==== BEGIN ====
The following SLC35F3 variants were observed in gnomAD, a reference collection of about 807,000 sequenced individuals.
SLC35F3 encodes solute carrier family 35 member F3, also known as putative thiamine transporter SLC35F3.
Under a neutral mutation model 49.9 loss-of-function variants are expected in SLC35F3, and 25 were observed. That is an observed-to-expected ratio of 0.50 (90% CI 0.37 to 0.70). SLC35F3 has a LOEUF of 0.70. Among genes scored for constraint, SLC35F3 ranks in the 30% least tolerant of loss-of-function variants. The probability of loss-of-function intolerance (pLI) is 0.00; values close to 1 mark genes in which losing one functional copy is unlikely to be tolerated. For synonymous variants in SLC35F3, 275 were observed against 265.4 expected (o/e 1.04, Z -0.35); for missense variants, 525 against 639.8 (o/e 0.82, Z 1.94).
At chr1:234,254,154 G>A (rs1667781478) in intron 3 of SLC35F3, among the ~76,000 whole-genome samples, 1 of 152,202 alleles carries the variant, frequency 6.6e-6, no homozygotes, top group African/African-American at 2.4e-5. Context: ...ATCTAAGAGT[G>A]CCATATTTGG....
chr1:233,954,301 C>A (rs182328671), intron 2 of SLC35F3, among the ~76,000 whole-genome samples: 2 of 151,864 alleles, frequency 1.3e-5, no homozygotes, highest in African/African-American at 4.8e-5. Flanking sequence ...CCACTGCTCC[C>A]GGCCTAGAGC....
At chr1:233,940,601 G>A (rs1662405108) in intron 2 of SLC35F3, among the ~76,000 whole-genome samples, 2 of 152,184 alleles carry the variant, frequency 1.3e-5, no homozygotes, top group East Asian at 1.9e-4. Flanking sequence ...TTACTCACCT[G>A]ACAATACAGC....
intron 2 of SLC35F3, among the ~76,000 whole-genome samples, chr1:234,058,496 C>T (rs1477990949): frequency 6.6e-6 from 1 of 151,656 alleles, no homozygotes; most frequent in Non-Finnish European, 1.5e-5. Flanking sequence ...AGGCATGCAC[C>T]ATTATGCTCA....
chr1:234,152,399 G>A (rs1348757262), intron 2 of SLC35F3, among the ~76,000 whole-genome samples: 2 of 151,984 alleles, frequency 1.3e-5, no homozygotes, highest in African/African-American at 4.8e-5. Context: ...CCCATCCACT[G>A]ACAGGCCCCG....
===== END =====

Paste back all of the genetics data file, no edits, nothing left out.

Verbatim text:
The following SLC35F3 variants were observed in gnomAD, a reference collection of about 807,000 sequenced individuals.
SLC35F3 encodes solute carrier family 35 member F3, also known as putative thiamine transporter SLC35F3.
Under a neutral mutation model 49.9 loss-of-function variants are expected in SLC35F3, and 25 were observed. That is an observed-to-expected ratio of 0.50 (90% CI 0.37 to 0.70). SLC35F3 has a LOEUF of 0.70. Among genes scored for constraint, SLC35F3 ranks in the 30% least tolerant of loss-of-function variants. The probability of loss-of-function intolerance (pLI) is 0.00; values close to 1 mark genes in which losing one functional copy is unlikely to be tolerated. For synonymous variants in SLC35F3, 275 were observed against 265.4 expected (o/e 1.04, Z -0.35); for missense variants, 525 against 639.8 (o/e 0.82, Z 1.94).
At chr1:234,254,154 G>A (rs1667781478) in intron 3 of SLC35F3, among the ~76,000 whole-genome samples, 1 of 152,202 alleles carries the variant, frequency 6.6e-6, no homozygotes, top group African/African-American at 2.4e-5. Context: ...ATCTAAGAGT[G>A]CCATATTTGG....
chr1:233,954,301 C>A (rs182328671), intron 2 of SLC35F3, among the ~76,000 whole-genome samples: 2 of 151,864 alleles, frequency 1.3e-5, no homozygotes, highest in African/African-American at 4.8e-5. Flanking sequence ...CCACTGCTCC[C>A]GGCCTAGAGC....
At chr1:233,940,601 G>A (rs1662405108) in intron 2 of SLC35F3, among the ~76,000 whole-genome samples, 2 of 152,184 alleles carry the variant, frequency 1.3e-5, no homozygotes, top group East Asian at 1.9e-4. Flanking sequence ...TTACTCACCT[G>A]ACAATACAGC....
intron 2 of SLC35F3, among the ~76,000 whole-genome samples, chr1:234,058,496 C>T (rs1477990949): frequency 6.6e-6 from 1 of 151,656 alleles, no homozygotes; most frequent in Non-Finnish European, 1.5e-5. Flanking sequence ...AGGCATGCAC[C>T]ATTATGCTCA....
chr1:234,152,399 G>A (rs1348757262), intron 2 of SLC35F3, among the ~76,000 whole-genome samples: 2 of 151,984 alleles, frequency 1.3e-5, no homozygotes, highest in African/African-American at 4.8e-5. Context: ...CCCATCCACT[G>A]ACAGGCCCCG....